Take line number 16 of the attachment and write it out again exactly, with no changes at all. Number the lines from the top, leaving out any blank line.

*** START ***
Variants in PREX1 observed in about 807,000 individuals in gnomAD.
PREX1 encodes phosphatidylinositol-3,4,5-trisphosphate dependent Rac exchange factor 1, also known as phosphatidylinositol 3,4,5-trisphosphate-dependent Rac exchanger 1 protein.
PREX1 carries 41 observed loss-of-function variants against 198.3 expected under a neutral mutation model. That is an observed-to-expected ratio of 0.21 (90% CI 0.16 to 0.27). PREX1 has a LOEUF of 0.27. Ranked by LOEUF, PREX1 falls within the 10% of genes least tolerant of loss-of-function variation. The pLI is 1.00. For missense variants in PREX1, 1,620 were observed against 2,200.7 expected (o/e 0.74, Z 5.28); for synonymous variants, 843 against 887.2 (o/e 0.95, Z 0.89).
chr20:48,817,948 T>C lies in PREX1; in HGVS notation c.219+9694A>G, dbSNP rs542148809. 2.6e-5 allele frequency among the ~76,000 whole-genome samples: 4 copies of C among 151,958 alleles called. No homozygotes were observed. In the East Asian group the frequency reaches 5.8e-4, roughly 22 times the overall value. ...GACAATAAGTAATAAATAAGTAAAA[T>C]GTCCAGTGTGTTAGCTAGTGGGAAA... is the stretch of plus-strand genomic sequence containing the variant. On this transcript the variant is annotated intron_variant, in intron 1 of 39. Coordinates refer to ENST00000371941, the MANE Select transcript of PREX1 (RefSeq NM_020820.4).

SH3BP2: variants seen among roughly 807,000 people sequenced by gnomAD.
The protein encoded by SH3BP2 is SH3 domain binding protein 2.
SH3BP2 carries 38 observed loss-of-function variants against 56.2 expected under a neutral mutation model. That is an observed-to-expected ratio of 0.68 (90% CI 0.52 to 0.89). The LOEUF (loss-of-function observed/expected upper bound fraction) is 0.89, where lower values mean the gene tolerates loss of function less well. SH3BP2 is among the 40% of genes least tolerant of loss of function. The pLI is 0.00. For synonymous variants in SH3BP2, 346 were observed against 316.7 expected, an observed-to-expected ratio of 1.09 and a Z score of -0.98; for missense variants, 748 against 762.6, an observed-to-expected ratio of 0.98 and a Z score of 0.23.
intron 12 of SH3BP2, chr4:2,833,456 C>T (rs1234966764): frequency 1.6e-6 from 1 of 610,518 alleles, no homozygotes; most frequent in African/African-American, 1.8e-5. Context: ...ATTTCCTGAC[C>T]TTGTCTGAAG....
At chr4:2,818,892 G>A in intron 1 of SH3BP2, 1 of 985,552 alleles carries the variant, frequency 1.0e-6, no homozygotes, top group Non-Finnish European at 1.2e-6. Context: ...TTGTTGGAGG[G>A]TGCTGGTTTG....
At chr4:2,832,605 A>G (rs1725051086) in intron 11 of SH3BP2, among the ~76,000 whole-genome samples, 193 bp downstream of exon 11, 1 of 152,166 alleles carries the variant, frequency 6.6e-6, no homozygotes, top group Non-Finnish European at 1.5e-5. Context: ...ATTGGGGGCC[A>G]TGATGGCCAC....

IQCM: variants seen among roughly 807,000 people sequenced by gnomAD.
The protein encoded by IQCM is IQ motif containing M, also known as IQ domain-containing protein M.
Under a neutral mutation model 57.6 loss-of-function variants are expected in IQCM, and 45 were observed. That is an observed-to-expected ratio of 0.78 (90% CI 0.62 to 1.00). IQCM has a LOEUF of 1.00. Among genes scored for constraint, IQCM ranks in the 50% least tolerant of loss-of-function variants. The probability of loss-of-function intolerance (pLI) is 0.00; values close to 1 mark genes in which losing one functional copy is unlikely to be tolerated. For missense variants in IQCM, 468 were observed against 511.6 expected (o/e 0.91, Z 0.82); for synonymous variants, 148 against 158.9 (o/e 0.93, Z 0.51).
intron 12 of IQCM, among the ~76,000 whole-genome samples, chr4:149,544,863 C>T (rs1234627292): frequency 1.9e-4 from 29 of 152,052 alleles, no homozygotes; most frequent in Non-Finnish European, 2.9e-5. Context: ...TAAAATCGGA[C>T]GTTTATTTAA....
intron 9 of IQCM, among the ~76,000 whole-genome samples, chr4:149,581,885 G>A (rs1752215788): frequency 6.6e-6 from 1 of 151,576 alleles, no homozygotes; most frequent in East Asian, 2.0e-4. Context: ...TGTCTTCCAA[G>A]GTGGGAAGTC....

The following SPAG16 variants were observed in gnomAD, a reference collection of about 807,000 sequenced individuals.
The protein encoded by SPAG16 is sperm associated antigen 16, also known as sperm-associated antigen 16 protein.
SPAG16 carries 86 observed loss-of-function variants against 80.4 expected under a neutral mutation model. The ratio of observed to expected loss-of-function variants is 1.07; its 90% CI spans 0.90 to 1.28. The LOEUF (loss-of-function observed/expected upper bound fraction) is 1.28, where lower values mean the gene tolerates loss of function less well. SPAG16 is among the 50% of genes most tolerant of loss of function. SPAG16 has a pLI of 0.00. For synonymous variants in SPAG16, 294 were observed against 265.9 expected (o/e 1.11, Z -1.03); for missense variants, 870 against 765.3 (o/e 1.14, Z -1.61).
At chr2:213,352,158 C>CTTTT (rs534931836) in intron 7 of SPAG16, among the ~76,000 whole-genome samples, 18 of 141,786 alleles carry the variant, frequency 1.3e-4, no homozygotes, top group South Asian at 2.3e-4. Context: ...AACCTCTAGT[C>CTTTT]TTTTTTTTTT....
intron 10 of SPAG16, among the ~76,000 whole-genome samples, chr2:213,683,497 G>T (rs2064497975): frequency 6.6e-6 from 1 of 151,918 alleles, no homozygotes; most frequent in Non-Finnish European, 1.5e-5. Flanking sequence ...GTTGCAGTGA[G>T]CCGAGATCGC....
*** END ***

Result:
The following SPAG16 variants were observed in gnomAD, a reference collection of about 807,000 sequenced individuals.